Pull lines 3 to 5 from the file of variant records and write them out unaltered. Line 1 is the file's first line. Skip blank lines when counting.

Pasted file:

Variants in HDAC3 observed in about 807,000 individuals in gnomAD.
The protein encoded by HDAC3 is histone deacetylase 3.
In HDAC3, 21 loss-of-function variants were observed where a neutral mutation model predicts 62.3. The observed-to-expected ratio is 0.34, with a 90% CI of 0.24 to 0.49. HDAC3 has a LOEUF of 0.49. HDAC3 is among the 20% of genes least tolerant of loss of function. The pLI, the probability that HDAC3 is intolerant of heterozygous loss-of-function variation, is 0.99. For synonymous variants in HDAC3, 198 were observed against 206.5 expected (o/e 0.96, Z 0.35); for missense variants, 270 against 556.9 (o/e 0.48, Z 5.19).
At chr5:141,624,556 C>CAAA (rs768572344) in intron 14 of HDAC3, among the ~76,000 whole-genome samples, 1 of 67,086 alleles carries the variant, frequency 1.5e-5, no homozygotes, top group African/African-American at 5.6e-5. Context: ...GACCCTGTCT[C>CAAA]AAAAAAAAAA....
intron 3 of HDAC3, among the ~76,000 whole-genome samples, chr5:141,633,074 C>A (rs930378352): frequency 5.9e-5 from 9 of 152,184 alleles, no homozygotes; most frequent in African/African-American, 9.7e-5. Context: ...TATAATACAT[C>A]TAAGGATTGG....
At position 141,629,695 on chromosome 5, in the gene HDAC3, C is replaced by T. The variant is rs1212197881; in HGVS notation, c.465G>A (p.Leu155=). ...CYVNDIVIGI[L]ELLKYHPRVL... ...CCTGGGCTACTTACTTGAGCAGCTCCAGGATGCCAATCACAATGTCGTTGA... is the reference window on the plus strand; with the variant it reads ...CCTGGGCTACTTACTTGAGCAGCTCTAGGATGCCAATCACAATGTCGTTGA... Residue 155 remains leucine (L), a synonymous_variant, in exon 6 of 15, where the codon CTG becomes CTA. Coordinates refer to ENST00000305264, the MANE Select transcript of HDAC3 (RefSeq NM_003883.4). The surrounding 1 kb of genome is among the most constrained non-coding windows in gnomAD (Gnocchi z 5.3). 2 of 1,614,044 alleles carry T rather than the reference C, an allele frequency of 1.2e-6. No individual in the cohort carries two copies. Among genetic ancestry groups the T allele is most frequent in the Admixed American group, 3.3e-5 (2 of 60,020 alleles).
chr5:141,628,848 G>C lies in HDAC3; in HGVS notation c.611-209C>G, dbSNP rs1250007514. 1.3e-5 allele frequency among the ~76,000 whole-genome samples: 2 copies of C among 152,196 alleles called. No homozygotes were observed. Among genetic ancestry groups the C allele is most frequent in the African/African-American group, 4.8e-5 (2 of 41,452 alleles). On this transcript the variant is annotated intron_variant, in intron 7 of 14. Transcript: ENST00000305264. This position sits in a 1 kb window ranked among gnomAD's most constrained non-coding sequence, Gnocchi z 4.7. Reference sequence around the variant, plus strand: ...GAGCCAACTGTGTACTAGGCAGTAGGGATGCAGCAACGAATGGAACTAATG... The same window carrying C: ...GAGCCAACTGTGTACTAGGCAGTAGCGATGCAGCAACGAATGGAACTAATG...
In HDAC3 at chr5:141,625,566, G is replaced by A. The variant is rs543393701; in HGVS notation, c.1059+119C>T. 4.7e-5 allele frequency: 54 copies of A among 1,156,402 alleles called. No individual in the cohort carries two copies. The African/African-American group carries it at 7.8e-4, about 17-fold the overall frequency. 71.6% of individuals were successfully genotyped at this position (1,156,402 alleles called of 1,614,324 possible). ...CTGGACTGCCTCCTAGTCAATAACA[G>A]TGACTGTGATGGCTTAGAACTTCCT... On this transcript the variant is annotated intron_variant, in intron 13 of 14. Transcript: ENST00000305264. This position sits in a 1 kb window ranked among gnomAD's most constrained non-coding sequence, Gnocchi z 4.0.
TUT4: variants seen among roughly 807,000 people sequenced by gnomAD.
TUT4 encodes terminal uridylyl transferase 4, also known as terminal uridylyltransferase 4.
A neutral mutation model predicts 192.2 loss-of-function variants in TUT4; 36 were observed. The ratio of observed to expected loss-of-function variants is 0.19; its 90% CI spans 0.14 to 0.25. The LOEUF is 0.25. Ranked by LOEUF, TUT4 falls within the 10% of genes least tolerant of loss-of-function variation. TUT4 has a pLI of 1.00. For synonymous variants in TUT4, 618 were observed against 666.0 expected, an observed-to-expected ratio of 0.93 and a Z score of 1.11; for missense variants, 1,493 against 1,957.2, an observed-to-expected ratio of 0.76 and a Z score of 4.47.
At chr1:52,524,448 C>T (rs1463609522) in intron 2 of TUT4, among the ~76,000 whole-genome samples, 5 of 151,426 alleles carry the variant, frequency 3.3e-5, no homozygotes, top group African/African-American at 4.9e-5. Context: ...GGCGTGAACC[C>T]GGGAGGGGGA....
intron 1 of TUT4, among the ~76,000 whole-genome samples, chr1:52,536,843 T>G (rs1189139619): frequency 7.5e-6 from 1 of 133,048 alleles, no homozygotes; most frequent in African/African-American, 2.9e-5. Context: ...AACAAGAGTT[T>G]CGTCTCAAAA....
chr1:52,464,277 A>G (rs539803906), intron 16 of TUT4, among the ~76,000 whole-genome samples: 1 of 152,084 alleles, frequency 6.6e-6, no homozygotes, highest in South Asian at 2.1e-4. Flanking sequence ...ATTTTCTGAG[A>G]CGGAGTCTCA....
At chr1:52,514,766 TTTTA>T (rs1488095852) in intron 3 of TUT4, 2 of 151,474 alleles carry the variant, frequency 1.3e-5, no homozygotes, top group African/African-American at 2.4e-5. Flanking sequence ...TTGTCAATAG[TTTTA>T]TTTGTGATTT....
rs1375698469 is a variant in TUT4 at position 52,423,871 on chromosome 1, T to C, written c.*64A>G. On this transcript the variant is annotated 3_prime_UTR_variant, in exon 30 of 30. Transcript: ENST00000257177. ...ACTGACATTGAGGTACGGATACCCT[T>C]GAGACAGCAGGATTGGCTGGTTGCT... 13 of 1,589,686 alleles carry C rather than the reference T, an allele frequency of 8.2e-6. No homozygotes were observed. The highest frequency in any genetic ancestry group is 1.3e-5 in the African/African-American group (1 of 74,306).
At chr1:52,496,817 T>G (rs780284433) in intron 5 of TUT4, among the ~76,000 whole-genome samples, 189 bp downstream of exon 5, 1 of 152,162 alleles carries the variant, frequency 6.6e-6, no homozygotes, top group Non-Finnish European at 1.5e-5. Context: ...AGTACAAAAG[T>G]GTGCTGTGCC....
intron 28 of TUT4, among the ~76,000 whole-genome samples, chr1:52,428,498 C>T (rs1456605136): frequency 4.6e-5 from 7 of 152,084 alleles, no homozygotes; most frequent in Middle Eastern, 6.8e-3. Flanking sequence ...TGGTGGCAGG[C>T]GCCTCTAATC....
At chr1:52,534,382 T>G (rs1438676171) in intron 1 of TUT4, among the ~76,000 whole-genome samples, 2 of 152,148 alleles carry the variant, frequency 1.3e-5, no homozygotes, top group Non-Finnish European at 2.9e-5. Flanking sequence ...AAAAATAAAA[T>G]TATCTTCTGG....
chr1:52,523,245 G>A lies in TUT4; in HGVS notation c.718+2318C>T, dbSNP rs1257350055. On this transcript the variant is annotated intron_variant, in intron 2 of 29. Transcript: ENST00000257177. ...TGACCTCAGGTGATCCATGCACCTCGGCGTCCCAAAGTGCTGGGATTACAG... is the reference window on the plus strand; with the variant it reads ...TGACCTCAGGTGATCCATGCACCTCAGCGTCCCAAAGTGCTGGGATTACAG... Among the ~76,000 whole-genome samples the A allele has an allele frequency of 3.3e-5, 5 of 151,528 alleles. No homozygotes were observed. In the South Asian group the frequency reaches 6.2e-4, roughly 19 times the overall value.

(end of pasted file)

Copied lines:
In HDAC3, 21 loss-of-function variants were observed where a neutral mutation model predicts 62.3. The observed-to-expected ratio is 0.34, with a 90% CI of 0.24 to 0.49. HDAC3 has a LOEUF of 0.49. HDAC3 is among the 20% of genes least tolerant of loss of function. The pLI, the probability that HDAC3 is intolerant of heterozygous loss-of-function variation, is 0.99. For synonymous variants in HDAC3, 198 were observed against 206.5 expected (o/e 0.96, Z 0.35); for missense variants, 270 against 556.9 (o/e 0.48, Z 5.19).
At chr5:141,624,556 C>CAAA (rs768572344) in intron 14 of HDAC3, among the ~76,000 whole-genome samples, 1 of 67,086 alleles carries the variant, frequency 1.5e-5, no homozygotes, top group African/African-American at 5.6e-5. Context: ...GACCCTGTCT[C>CAAA]AAAAAAAAAA....
intron 3 of HDAC3, among the ~76,000 whole-genome samples, chr5:141,633,074 C>A (rs930378352): frequency 5.9e-5 from 9 of 152,184 alleles, no homozygotes; most frequent in African/African-American, 9.7e-5. Context: ...TATAATACAT[C>A]TAAGGATTGG....